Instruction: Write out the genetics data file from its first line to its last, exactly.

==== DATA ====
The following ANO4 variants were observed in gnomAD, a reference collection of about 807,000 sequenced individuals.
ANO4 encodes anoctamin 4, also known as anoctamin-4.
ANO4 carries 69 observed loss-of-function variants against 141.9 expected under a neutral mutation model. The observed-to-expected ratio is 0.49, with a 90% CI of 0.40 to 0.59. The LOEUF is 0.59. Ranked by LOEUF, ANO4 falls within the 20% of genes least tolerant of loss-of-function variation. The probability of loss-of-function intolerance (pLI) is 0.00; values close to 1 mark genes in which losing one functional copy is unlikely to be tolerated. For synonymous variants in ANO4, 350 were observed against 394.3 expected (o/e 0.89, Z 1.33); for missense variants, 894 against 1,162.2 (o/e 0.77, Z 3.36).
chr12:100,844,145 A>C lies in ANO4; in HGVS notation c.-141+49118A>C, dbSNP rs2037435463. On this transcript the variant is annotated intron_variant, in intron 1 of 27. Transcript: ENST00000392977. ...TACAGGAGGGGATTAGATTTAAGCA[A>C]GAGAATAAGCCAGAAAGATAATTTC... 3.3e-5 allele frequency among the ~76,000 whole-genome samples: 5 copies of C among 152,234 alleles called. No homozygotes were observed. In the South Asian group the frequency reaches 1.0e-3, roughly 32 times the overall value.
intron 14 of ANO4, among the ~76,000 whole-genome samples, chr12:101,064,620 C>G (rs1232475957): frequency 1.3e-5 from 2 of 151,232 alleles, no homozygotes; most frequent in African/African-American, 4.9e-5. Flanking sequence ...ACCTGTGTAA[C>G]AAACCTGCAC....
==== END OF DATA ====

The following ANO4 variants were observed in gnomAD, a reference collection of about 807,000 sequenced individuals.
ANO4 encodes anoctamin 4, also known as anoctamin-4.
ANO4 carries 69 observed loss-of-function variants against 141.9 expected under a neutral mutation model. The observed-to-expected ratio is 0.49, with a 90% CI of 0.40 to 0.59. The LOEUF is 0.59. Ranked by LOEUF, ANO4 falls within the 20% of genes least tolerant of loss-of-function variation. The probability of loss-of-function intolerance (pLI) is 0.00; values close to 1 mark genes in which losing one functional copy is unlikely to be tolerated. For synonymous variants in ANO4, 350 were observed against 394.3 expected (o/e 0.89, Z 1.33); for missense variants, 894 against 1,162.2 (o/e 0.77, Z 3.36).
chr12:100,844,145 A>C lies in ANO4; in HGVS notation c.-141+49118A>C, dbSNP rs2037435463. On this transcript the variant is annotated intron_variant, in intron 1 of 27. Transcript: ENST00000392977. ...TACAGGAGGGGATTAGATTTAAGCA[A>C]GAGAATAAGCCAGAAAGATAATTTC... 3.3e-5 allele frequency among the ~76,000 whole-genome samples: 5 copies of C among 152,234 alleles called. No homozygotes were observed. In the South Asian group the frequency reaches 1.0e-3, roughly 32 times the overall value.
intron 14 of ANO4, among the ~76,000 whole-genome samples, chr12:101,064,620 C>G (rs1232475957): frequency 1.3e-5 from 2 of 151,232 alleles, no homozygotes; most frequent in African/African-American, 4.9e-5. Flanking sequence ...ACCTGTGTAA[C>G]AAACCTGCAC....